So, follow these three rules and I think you'll have fun navigation.

Commitment, pacing, and juice.

What do you think? What game do you want to design, and how would you make it fun to navigate?


Olick said...

Well. I am currently making a game in XNA for a class. I won't have it completely done for the class. But that doesn't mean I won't.

The idea is you are Fatman. The fat powered super hero. The concept is well.. silly. Anyways the fatter he is the stronger he is and the FASTER he is.

The game is a 2d platformer.

The idea is to have a character who ramps up in speed while he runs. Obviously when he's going faster he has retain momentum in the air. So the goal is to have him victim to the momentum, but at the same time I want him to feel controllable and responsive.

So Fatman always has a minimum speed. This is to make both stopping and simple platforming easier. As he gets fatter, though, his top speed increases. His minimum speed decreases. Stopping will be faster than speeding up, probably 2 times faster, and more if you hold the opposite direction.

Unfortunately, so far, all I have is the intuition that this will be controllable and fun. When cooking it up I didn't think of Commitment or Pacing. I guess I always thought of the screen shaking when he dropped far. Its not y'know.. exactly constructive to gameplay. Not a reward. But it should be satisfying.

Additionally I was thinking of adding some sort of wall-jumping when he was fat. Basically it would be a rebound-jump. the faster (and fatter) you are the more you'd squish into the wall, and the longer you'd have in order to push the jump button. Naturally the further in you are squished the further you go in the jump.

Being skinny will have its advantages too. From obviously coded ones like he can stand on thinner things, or not break stuff, to more subtle things like.. he can stop very easily. And his minimum speed is higher so he's more responsive. Good if I do like.. moving platforms.

Anyways. The only thing I thought about was Juice. Commitment wise, it will be harder to go back when you have high momentum. If you stop you'll stop going faster once you turn around. Pacing I always considered level design, not algorithm design. Altho I suppose with the momentum I could set up some really nice moments.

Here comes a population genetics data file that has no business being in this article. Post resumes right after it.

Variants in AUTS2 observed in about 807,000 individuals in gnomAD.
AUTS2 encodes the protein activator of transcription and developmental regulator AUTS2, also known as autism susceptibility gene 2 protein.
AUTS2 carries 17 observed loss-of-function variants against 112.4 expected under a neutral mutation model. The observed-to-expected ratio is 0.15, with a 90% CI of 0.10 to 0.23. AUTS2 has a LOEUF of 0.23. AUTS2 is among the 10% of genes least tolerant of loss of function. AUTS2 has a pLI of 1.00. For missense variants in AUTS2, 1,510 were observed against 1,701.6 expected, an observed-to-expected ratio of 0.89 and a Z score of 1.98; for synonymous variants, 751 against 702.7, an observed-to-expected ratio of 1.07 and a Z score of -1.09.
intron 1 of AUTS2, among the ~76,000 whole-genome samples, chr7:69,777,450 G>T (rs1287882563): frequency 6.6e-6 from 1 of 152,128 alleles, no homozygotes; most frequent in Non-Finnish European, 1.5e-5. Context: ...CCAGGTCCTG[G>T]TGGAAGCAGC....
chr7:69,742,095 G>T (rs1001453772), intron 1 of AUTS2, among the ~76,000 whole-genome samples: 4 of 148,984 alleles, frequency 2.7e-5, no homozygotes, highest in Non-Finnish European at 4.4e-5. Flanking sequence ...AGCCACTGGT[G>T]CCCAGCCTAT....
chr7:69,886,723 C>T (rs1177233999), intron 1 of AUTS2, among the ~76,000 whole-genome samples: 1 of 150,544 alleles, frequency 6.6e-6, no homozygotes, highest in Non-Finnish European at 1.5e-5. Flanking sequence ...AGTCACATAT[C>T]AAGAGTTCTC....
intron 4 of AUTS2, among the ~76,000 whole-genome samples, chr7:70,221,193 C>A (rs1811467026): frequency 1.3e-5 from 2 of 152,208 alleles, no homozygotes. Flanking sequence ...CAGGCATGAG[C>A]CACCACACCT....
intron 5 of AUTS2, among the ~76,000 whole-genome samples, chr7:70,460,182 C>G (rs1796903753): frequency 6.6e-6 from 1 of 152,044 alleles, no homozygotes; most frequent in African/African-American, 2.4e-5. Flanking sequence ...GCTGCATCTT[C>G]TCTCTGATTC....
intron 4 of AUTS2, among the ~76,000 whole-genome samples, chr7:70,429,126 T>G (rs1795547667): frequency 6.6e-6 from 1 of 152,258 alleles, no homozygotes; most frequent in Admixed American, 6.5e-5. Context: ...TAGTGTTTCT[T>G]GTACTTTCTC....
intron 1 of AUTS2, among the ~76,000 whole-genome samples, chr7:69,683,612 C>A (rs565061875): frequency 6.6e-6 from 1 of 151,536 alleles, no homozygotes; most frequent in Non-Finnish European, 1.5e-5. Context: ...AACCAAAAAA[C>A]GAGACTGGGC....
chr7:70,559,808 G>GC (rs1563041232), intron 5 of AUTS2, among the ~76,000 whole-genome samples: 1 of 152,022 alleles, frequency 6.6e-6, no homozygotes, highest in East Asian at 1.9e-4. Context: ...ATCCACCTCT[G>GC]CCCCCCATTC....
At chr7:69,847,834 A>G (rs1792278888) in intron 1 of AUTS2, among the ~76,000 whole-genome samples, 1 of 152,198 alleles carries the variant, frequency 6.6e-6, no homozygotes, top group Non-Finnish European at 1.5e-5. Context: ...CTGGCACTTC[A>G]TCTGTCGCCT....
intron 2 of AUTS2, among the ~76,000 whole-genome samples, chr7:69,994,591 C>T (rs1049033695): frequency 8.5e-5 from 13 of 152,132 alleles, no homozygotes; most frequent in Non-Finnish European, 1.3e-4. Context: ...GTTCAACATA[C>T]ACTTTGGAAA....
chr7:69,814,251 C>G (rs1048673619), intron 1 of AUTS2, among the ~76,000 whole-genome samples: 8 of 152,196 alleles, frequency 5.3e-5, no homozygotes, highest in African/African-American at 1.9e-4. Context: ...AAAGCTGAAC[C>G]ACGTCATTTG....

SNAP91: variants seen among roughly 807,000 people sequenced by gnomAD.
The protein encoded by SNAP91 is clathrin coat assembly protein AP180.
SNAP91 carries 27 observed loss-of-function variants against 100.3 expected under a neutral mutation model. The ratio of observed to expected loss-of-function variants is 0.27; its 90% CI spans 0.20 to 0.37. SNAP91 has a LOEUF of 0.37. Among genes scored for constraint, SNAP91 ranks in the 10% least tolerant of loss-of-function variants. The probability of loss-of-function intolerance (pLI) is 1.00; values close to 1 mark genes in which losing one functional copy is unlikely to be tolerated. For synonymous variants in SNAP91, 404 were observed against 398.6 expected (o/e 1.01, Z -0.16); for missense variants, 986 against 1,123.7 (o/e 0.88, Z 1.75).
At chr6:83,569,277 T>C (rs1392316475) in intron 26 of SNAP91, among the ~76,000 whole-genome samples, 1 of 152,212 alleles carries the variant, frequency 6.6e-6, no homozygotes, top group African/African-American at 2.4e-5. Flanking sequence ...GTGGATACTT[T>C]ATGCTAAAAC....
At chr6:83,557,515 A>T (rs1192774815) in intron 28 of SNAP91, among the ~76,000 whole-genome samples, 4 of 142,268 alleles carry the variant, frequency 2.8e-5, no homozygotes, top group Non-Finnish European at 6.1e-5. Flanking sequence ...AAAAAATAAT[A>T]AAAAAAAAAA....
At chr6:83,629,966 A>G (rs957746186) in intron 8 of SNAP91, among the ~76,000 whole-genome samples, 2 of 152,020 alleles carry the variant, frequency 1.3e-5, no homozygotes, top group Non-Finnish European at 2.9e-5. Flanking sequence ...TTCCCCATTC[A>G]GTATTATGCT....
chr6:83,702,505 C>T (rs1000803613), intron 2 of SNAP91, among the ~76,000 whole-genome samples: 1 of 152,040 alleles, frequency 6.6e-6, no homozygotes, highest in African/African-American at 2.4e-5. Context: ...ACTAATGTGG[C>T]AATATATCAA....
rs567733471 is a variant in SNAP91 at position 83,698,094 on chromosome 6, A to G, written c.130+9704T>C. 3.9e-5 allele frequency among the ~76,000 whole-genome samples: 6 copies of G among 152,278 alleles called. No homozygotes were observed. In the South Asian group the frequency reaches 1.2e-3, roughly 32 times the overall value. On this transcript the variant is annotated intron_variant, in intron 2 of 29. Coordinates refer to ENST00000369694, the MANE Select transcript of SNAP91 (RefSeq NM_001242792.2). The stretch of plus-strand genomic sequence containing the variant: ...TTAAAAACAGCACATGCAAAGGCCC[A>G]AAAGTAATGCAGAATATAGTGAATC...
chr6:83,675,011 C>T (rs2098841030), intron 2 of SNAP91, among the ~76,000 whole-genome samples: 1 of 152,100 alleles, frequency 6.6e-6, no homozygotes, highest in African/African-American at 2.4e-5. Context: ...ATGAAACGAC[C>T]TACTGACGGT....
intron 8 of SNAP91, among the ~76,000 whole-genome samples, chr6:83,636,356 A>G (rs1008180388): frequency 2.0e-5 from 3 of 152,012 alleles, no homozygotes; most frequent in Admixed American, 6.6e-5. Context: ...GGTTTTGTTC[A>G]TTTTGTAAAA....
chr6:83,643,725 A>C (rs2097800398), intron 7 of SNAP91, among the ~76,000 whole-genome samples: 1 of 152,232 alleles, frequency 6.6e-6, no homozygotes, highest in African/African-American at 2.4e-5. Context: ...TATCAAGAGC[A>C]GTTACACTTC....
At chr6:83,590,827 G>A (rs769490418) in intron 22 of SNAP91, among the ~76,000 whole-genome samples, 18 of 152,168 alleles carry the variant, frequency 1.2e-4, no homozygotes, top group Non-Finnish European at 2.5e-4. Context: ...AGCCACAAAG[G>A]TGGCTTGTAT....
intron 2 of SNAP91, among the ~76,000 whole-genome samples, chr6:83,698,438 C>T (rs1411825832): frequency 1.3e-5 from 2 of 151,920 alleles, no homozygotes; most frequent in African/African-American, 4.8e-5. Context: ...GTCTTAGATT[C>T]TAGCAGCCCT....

Patrick said...

Very informative though perhaps unsurpising that your title is a bit insulting. Es ok, the games I have in the pipe check out for the most part I think. I'll keep this in mind though.

Olick, XNA sucks dude, if you know how to avoid re-draw bottlenecks, Flash is a million times better for 2d from a market perspective. Knytt rules, for instance, but I've never played it because its fucking Windows only. I played that Flash Portal game though, not quite as good I'm sure, but more people will play it because its convenient to do so.

Olick said...

I understand that XNA has a lot of overhead (since it is managed code.) Also that it is a bitch to distribute. Flash is not much better from an overhead perspective. Knytt only succeeds since it is a crazy simple game, requiring very very few calculations. What I am doing also requires similarly few.

XNA has the advantage of being easier. You don't have to spend 10 hours (not all at once) looking for the arcane way to set it up, only to find using the SDL_Image load function causes your game to crash.

Flash, the only example you gave, by comparision, is ALSO something you have to struggle against. My limited experience in scripting in flash (comprising of the demo and a few follow your cursor style snakes) was not very.. intuitive. XNA is the only game-programming environment I have not had to fight to get to work for me.

Besides the class required using XNA.

Just for the record, coming up with my own architecture for a game is my end goal. XNA just lets me practice pacing and designing games until I have the massive amount of time (and knowledge) necessary to build one from scratch.

What flash portal game are you talking about? N? Most Flash games, additionally, set the bar very low. This is an internet culture thing, not an engine thing I realize but.. still.

Craig Perko said...

XNA isn't bad at all, if you recognize the limitations and the scope it's intended for. Right now, I'm doing a lot of work in WPF, which is also very limited... but within its scope, it's quite useful. Flash is the same way.

Anyway, Olick, it sounds like it has some potential! The 2D platformer is inherently limited in how much commitment you can get out of it because of the limited view range. In a 3D game, you can see far ahead, and jump for something that might be five or ten seconds of airtime away. Unless you're doing something really unusual, you simply can't see that far ahead on a 2D game.

On the other hand, what 2D games can do is alternate modes of transportation such as rolling, grappling, and bouncing. I don't know about grappling, but the other two seem like they would suit Fatman well. :D

As ever, if you get something playable, I'd love to see screenies or even play it some. Making games is more important than theorizing about them.

Craig Perko said...

If you do decide to go for rolling and/or bouncing in addition to running and jumping, remember that the way you transition between modes is a lot of the fun and depth.